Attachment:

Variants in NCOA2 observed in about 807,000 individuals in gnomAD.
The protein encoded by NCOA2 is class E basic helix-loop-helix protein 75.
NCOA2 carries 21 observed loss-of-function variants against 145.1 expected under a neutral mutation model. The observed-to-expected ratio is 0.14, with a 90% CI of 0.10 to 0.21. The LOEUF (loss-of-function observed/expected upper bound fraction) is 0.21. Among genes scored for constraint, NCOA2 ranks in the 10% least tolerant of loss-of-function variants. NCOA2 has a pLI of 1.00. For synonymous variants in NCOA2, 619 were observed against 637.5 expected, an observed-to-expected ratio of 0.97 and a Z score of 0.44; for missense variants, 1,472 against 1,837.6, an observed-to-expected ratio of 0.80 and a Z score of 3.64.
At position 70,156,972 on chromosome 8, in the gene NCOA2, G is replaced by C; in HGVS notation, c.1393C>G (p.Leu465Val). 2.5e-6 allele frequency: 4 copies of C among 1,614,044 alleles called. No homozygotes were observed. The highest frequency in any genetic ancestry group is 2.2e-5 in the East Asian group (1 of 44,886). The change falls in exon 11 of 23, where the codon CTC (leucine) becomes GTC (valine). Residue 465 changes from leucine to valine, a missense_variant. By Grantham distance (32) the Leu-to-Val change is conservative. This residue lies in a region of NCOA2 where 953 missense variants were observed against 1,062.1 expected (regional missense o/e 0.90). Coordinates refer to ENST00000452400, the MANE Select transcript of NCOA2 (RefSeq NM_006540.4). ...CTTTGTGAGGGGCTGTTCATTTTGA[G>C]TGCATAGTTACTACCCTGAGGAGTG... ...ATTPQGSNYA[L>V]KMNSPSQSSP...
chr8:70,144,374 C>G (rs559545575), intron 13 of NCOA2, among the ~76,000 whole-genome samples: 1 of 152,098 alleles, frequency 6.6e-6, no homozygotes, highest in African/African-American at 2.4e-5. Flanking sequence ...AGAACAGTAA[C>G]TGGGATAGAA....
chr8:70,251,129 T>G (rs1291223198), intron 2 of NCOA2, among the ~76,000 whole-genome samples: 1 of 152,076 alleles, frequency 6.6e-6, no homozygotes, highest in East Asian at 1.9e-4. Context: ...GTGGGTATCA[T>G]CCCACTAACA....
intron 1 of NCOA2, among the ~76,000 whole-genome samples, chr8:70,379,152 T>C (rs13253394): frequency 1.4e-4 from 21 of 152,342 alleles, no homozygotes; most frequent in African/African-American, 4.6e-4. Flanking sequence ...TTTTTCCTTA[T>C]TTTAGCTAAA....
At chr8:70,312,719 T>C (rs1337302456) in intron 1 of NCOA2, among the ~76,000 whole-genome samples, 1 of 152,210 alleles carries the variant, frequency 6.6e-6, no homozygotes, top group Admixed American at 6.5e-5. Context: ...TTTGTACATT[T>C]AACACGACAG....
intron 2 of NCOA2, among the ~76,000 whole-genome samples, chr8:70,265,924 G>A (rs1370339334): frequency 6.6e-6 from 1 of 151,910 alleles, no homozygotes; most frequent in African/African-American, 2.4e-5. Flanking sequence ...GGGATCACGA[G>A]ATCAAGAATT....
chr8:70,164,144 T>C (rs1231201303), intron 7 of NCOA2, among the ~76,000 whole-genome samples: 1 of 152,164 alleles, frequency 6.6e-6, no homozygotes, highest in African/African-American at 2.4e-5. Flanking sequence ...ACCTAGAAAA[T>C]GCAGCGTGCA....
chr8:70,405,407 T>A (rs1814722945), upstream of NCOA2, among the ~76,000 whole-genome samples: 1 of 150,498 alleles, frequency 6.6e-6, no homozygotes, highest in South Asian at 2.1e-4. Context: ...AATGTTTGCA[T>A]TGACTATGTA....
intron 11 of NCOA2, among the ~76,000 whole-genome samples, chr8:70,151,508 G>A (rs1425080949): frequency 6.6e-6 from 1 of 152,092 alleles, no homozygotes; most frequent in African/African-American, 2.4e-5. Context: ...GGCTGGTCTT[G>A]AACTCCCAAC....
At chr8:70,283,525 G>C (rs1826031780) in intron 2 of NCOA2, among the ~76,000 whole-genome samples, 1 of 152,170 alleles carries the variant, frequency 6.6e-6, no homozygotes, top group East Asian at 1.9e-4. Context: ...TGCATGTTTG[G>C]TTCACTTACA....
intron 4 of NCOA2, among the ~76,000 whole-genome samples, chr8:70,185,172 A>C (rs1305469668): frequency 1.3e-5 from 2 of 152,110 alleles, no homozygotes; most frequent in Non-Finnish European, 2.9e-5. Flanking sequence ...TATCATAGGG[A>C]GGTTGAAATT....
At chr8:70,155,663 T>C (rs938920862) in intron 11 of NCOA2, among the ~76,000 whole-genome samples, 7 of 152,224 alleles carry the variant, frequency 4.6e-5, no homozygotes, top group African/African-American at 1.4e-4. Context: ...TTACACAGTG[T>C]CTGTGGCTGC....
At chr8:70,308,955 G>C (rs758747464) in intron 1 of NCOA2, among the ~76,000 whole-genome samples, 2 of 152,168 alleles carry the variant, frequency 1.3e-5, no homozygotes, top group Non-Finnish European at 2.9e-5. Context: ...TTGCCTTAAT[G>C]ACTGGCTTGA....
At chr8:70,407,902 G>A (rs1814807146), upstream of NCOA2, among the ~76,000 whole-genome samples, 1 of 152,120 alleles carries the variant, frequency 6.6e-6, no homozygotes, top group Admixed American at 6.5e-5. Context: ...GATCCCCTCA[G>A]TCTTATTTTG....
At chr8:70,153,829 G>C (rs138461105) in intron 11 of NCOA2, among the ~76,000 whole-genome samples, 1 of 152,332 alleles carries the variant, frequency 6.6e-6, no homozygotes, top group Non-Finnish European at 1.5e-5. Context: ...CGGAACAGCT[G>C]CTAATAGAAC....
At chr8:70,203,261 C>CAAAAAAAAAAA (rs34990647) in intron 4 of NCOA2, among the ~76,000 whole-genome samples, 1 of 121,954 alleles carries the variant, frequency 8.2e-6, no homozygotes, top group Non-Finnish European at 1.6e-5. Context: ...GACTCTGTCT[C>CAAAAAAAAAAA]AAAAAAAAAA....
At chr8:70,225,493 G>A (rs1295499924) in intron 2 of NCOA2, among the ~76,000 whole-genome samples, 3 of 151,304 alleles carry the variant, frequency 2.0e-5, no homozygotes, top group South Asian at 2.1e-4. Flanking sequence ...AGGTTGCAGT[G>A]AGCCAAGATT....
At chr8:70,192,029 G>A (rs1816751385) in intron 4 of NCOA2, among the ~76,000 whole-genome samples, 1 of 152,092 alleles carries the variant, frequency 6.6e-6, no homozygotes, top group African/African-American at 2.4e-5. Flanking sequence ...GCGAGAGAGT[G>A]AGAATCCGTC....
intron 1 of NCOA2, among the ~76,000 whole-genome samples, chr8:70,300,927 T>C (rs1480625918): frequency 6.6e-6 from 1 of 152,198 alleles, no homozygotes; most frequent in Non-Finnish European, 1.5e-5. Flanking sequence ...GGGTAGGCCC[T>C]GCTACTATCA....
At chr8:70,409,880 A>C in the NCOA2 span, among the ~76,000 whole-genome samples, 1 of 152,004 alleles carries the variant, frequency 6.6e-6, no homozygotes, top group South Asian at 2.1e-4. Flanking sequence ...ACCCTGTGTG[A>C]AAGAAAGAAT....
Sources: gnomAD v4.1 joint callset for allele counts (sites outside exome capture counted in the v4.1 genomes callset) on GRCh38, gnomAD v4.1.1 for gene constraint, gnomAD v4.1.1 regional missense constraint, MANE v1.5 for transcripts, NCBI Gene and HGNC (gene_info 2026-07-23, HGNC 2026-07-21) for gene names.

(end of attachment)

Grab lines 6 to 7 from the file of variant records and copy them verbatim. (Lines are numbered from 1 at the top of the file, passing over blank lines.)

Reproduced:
chr8:70,251,129 T>G (rs1291223198), intron 2 of NCOA2, among the ~76,000 whole-genome samples: 1 of 152,076 alleles, frequency 6.6e-6, no homozygotes, highest in East Asian at 1.9e-4. Context: ...GTGGGTATCA[T>G]CCCACTAACA....
intron 1 of NCOA2, among the ~76,000 whole-genome samples, chr8:70,379,152 T>C (rs13253394): frequency 1.4e-4 from 21 of 152,342 alleles, no homozygotes; most frequent in African/African-American, 4.6e-4. Flanking sequence ...TTTTTCCTTA[T>C]TTTAGCTAAA....